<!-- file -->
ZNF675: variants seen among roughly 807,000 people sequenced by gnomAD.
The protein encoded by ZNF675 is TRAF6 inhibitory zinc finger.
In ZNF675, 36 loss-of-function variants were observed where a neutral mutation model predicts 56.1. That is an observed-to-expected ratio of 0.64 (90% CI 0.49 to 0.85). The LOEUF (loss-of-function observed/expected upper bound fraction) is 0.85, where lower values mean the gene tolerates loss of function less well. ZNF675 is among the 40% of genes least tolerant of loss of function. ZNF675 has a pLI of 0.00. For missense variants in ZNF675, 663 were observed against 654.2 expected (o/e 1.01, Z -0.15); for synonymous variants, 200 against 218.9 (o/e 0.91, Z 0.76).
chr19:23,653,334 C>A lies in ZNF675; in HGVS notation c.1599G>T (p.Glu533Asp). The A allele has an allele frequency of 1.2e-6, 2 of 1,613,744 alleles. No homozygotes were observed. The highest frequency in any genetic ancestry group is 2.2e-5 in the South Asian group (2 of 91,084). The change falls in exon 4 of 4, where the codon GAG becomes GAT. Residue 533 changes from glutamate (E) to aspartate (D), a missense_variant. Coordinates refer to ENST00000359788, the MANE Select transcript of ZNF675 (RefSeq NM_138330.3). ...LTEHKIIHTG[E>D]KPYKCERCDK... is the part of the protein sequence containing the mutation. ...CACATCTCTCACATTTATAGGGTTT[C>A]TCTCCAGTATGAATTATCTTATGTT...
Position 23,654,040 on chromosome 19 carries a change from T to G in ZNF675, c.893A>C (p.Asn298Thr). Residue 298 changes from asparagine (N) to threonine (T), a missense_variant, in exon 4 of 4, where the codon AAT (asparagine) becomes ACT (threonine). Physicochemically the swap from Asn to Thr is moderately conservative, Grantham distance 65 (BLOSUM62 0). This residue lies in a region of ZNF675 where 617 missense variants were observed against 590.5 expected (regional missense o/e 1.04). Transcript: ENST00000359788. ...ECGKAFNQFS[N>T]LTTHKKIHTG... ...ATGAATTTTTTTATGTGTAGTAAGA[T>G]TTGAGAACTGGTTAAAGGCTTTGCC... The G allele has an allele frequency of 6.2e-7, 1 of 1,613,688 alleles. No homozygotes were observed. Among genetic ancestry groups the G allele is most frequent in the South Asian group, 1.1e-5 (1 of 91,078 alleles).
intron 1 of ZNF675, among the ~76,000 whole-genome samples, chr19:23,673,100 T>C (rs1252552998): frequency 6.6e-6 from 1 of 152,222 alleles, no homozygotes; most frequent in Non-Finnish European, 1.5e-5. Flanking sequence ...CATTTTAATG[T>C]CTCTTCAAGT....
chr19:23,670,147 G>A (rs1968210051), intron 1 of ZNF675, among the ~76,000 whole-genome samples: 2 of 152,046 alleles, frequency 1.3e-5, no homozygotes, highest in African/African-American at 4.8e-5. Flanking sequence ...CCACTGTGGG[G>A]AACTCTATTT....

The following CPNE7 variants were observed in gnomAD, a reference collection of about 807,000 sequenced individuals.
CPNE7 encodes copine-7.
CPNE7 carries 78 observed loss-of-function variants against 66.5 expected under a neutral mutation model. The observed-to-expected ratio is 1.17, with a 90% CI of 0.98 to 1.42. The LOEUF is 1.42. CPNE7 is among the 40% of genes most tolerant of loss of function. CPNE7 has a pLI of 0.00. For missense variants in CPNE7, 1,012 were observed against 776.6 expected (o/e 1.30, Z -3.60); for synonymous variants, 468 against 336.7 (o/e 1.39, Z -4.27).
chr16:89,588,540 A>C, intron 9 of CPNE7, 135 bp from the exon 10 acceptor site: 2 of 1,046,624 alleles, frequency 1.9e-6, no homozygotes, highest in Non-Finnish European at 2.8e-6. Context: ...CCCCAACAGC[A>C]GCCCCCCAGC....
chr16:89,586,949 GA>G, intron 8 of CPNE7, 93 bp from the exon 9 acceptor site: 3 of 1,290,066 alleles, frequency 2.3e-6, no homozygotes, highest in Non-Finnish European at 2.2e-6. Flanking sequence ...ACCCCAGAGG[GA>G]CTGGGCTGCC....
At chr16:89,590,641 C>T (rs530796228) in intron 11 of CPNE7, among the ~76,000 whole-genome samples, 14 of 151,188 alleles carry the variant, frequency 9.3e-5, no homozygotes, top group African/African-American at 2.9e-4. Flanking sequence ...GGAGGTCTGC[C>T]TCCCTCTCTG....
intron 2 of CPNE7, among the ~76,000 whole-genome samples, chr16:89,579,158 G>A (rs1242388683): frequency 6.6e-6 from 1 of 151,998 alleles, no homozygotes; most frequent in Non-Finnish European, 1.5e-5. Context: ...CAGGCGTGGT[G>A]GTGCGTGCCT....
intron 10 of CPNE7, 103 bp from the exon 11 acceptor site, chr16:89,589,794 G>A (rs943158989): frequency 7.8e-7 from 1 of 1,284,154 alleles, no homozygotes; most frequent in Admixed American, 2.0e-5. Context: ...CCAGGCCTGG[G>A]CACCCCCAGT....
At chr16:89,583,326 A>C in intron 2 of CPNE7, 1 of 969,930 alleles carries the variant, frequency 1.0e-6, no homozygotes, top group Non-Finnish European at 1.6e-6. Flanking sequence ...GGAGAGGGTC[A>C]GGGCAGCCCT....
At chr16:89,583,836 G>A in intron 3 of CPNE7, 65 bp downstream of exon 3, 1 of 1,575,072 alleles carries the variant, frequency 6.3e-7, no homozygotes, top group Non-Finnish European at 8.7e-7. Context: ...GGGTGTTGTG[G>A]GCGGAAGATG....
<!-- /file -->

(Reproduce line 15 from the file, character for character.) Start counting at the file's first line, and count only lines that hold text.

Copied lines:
intron 10 of CPNE7, 103 bp from the exon 11 acceptor site, chr16:89,589,794 G>A (rs943158989): frequency 7.8e-7 from 1 of 1,284,154 alleles, no homozygotes; most frequent in Admixed American, 2.0e-5. Context: ...CCAGGCCTGG[G>A]CACCCCCAGT....